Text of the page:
The U.S. government has a duty to its people to keep Russian lawlessness from reaching its shores — or those of friendly nations, such as the United Arab Emirates. Russia and the United States are bound by numerous treaties, the success of which presupposes a level of honesty and integrity of the officials and legal systems of both countries. Sergei’s case — more precisely, Medvedev’s unwillingness, or perhaps inability, to bring the perpetrators of this massive government conspiracy to justice — demonstrates the fallacy of the supposition. It is dangerous to U.S. interests to be forced to rely on and to grant comity to information, decisions, and requests made by foreign officials who are abusing the implicit trust that these treaties rely upon.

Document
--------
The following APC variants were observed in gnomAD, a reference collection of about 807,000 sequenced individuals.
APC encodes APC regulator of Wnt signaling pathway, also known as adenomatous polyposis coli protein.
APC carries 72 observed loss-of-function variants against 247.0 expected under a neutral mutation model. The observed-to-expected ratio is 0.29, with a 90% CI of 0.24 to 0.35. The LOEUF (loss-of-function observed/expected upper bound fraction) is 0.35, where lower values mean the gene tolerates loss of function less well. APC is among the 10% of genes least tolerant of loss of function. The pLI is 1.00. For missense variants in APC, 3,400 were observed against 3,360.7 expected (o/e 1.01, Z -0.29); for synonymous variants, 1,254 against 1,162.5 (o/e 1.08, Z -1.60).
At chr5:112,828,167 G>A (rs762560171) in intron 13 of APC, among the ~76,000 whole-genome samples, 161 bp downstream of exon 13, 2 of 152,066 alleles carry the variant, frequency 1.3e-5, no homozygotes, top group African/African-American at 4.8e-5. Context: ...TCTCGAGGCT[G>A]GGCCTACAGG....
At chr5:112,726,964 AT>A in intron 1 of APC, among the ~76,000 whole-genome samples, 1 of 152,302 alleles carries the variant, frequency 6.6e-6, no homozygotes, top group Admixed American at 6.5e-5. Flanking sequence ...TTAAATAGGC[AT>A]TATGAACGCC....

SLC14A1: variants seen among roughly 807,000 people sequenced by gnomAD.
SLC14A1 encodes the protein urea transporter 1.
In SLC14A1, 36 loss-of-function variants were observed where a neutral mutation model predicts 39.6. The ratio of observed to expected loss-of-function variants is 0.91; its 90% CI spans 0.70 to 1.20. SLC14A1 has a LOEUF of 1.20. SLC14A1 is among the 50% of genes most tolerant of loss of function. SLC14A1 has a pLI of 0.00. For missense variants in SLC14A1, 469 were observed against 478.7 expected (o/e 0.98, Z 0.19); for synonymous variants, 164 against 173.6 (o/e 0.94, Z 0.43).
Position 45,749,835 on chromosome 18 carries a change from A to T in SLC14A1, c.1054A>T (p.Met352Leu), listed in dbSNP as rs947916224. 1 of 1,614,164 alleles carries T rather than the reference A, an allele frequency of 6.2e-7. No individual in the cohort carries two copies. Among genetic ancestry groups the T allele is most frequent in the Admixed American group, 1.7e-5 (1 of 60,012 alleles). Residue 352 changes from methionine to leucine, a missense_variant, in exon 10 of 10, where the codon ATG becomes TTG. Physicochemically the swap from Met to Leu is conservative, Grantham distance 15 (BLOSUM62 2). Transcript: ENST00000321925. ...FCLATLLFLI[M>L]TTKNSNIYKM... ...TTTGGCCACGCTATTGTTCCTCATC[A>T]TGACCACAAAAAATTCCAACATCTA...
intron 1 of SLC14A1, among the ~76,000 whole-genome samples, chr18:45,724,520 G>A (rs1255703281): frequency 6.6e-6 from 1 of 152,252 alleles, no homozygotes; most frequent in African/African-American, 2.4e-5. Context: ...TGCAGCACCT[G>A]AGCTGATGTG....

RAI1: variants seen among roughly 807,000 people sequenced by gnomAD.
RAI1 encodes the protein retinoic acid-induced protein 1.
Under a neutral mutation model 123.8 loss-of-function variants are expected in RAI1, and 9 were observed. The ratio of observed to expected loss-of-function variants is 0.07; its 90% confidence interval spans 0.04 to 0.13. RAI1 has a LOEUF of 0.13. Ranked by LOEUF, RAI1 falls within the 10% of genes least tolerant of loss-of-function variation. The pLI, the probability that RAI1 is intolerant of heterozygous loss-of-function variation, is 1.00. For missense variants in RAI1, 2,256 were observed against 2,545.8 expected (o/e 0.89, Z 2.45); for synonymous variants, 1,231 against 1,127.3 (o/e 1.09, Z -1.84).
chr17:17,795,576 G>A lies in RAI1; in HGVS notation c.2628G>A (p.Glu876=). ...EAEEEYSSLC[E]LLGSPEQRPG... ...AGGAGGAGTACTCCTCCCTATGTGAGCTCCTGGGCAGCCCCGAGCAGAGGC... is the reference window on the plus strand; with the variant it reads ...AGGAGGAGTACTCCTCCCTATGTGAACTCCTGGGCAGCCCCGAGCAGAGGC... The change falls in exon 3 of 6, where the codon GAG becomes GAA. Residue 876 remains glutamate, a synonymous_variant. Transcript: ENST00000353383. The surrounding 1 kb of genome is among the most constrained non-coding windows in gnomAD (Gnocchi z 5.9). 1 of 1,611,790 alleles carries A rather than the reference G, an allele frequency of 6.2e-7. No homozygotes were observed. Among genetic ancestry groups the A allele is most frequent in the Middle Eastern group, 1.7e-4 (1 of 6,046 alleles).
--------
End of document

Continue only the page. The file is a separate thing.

This case has the potential to be Russia’s Watergate: The evidence unearthed by Sergei would expose the graft and cronyism that is corroding Russia’s core. Acting upon it would not only cleanse the system of a score of corrupt officials but would set a new standard of expected behavior and send a message to Russians that the president would support them if they fight corruption. But left ignored, Medvedev’s war on corruption and any pretense of rule of law in Russia are but a sham.